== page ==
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Convocation 2013: meet UTSC's first PhD in environmental science

Cindy Bongard is the first PhD to graduate from UTSC's environmental science program (photo by Ken Jones)

Cindy Bongard's successful defence of her PhD dissertation marked a milestone - not just in her own life but also in the life of the University of Toronto Scarborough.

Bongard is the first PhD to graduate from UTSC's groundbreaking doctoral program in environmental science.

"I was positively overwhelmed by the knowledge and passion of the faculty at UTSC," says Bongard, who also completed her Bachelor of Science degree at UTSC in 2006. "It was their energy and expertise that kick-started my decision to pursue graduate studies in the first place."

Professor Roberta Fulthorpe supervised Bongard's dissertation.

"I knew Roberta prior to beginning my graduate studies," says Bongard. "I already had a great deal of respect for her passionate involvement in conservation of pristine spaces, as well as her recognition of threats to sustainability arising from anthropogenic influences."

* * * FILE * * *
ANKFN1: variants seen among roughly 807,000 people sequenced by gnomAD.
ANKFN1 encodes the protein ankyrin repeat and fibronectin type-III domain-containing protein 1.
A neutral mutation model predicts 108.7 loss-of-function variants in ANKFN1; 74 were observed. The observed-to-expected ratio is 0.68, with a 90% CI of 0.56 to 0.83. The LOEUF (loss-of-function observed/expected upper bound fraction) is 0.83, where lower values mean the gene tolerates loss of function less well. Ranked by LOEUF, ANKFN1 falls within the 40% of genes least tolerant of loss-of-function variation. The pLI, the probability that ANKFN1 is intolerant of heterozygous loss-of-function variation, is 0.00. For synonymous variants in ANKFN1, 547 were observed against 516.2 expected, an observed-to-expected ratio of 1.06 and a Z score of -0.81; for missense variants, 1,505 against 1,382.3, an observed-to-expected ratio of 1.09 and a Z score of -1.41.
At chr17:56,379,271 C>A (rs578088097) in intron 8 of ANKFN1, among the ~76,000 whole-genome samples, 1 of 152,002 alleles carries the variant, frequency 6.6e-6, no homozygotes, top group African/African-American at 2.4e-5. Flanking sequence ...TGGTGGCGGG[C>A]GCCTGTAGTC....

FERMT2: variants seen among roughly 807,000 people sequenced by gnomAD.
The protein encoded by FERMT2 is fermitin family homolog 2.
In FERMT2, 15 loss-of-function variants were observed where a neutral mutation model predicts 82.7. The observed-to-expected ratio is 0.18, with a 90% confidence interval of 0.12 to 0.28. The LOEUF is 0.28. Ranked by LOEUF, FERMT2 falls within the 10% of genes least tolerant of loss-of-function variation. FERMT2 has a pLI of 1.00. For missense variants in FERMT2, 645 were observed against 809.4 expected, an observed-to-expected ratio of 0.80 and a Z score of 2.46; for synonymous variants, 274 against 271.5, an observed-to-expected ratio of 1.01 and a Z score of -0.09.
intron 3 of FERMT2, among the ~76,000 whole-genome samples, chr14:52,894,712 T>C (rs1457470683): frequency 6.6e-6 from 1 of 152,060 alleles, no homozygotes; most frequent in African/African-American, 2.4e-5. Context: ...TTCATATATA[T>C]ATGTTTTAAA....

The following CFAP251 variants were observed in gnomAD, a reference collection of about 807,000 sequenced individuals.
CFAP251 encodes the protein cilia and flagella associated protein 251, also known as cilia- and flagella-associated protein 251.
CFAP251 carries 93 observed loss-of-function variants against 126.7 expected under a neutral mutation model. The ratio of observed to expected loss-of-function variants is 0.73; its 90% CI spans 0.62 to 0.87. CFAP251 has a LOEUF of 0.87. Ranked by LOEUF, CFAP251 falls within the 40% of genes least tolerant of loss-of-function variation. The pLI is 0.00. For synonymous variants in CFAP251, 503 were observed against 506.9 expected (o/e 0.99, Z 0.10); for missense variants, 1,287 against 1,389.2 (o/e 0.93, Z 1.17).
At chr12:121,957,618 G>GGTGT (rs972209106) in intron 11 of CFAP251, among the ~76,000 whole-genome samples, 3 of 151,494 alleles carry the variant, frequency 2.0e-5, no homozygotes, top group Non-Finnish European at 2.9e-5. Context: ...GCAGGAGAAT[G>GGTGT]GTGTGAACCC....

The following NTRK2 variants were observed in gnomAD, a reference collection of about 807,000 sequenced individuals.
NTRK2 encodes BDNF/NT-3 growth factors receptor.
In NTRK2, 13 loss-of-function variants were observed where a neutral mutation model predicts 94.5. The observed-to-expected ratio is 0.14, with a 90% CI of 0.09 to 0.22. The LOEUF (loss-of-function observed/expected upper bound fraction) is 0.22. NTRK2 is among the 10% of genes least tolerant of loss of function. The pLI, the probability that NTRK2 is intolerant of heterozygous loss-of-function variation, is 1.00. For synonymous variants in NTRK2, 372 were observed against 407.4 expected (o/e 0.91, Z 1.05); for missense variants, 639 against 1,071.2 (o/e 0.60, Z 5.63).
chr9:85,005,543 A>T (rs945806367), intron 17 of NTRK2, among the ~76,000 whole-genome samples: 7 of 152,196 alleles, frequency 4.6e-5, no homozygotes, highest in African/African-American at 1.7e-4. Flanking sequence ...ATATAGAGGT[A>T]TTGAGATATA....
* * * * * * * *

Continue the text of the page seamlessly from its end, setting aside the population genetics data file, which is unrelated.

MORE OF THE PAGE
Bongard used molecular techniques to characterize fungal communities in native plants that persist in sites that have been invaded by more aggressive plants, such as dog-strangling vine. Her work might contribute to restoration strategies in areas where invasive species are a problem.

"Cindy Bongard masterfully defended her thesis and in doing so made history," says Professor William Gough, vice-dean of Graduate Education and Program Development at UTSC. "Her department and the university are exceptionally proud of her accomplishment."

Begun in the fall of 2010, UTSC's doctoral program in environmental science prepares the next generation of scientists to explore and grapple with the most pressing environmental challenges of our time. It is the first PhD at U of T to be solely administered on the UTSC campus.

Read more about the program.

Andrew Westoll is a writer with the University of Toronto Scarborough.